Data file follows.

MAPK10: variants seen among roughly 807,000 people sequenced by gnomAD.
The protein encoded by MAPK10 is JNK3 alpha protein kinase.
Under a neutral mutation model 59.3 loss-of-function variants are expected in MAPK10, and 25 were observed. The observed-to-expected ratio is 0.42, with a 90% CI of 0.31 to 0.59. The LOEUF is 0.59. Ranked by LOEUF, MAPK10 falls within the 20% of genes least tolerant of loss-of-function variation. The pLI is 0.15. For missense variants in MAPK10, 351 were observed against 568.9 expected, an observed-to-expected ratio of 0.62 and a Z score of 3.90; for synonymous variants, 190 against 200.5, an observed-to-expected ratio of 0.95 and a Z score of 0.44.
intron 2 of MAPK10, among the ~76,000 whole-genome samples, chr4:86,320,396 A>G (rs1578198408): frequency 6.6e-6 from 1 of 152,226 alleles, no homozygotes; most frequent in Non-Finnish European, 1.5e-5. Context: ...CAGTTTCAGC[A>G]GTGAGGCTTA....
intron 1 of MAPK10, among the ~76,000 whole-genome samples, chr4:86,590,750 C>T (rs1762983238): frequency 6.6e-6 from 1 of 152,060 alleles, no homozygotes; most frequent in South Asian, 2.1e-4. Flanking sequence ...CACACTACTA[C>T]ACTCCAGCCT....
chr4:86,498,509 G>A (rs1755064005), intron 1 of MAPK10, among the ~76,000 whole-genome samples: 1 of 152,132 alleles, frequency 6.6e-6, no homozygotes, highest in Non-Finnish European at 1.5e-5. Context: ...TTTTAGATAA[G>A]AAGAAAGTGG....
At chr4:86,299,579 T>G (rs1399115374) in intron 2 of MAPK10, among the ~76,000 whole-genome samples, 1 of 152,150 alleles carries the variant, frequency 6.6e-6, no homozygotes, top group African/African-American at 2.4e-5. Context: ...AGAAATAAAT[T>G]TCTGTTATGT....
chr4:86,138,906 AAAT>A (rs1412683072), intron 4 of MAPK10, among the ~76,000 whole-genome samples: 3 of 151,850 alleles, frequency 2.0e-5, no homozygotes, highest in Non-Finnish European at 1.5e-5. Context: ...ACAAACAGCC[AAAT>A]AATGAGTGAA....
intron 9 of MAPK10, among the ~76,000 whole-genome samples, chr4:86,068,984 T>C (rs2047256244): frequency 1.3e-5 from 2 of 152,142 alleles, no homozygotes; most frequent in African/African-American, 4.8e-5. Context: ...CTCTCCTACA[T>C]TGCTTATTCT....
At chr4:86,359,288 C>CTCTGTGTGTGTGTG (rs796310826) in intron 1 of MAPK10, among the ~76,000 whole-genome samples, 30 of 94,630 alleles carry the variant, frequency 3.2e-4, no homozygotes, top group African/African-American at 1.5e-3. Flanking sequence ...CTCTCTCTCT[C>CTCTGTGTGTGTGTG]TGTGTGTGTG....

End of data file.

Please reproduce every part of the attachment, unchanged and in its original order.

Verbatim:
MAPK10: variants seen among roughly 807,000 people sequenced by gnomAD.
The protein encoded by MAPK10 is JNK3 alpha protein kinase.
Under a neutral mutation model 59.3 loss-of-function variants are expected in MAPK10, and 25 were observed. The observed-to-expected ratio is 0.42, with a 90% CI of 0.31 to 0.59. The LOEUF is 0.59. Ranked by LOEUF, MAPK10 falls within the 20% of genes least tolerant of loss-of-function variation. The pLI is 0.15. For missense variants in MAPK10, 351 were observed against 568.9 expected, an observed-to-expected ratio of 0.62 and a Z score of 3.90; for synonymous variants, 190 against 200.5, an observed-to-expected ratio of 0.95 and a Z score of 0.44.
intron 2 of MAPK10, among the ~76,000 whole-genome samples, chr4:86,320,396 A>G (rs1578198408): frequency 6.6e-6 from 1 of 152,226 alleles, no homozygotes; most frequent in Non-Finnish European, 1.5e-5. Context: ...CAGTTTCAGC[A>G]GTGAGGCTTA....
intron 1 of MAPK10, among the ~76,000 whole-genome samples, chr4:86,590,750 C>T (rs1762983238): frequency 6.6e-6 from 1 of 152,060 alleles, no homozygotes; most frequent in South Asian, 2.1e-4. Flanking sequence ...CACACTACTA[C>T]ACTCCAGCCT....
chr4:86,498,509 G>A (rs1755064005), intron 1 of MAPK10, among the ~76,000 whole-genome samples: 1 of 152,132 alleles, frequency 6.6e-6, no homozygotes, highest in Non-Finnish European at 1.5e-5. Context: ...TTTTAGATAA[G>A]AAGAAAGTGG....
At chr4:86,299,579 T>G (rs1399115374) in intron 2 of MAPK10, among the ~76,000 whole-genome samples, 1 of 152,150 alleles carries the variant, frequency 6.6e-6, no homozygotes, top group African/African-American at 2.4e-5. Context: ...AGAAATAAAT[T>G]TCTGTTATGT....
chr4:86,138,906 AAAT>A (rs1412683072), intron 4 of MAPK10, among the ~76,000 whole-genome samples: 3 of 151,850 alleles, frequency 2.0e-5, no homozygotes, highest in Non-Finnish European at 1.5e-5. Context: ...ACAAACAGCC[AAAT>A]AATGAGTGAA....
intron 9 of MAPK10, among the ~76,000 whole-genome samples, chr4:86,068,984 T>C (rs2047256244): frequency 1.3e-5 from 2 of 152,142 alleles, no homozygotes; most frequent in African/African-American, 4.8e-5. Context: ...CTCTCCTACA[T>C]TGCTTATTCT....
At chr4:86,359,288 C>CTCTGTGTGTGTGTG (rs796310826) in intron 1 of MAPK10, among the ~76,000 whole-genome samples, 30 of 94,630 alleles carry the variant, frequency 3.2e-4, no homozygotes, top group African/African-American at 1.5e-3. Flanking sequence ...CTCTCTCTCT[C>CTCTGTGTGTGTGTG]TGTGTGTGTG....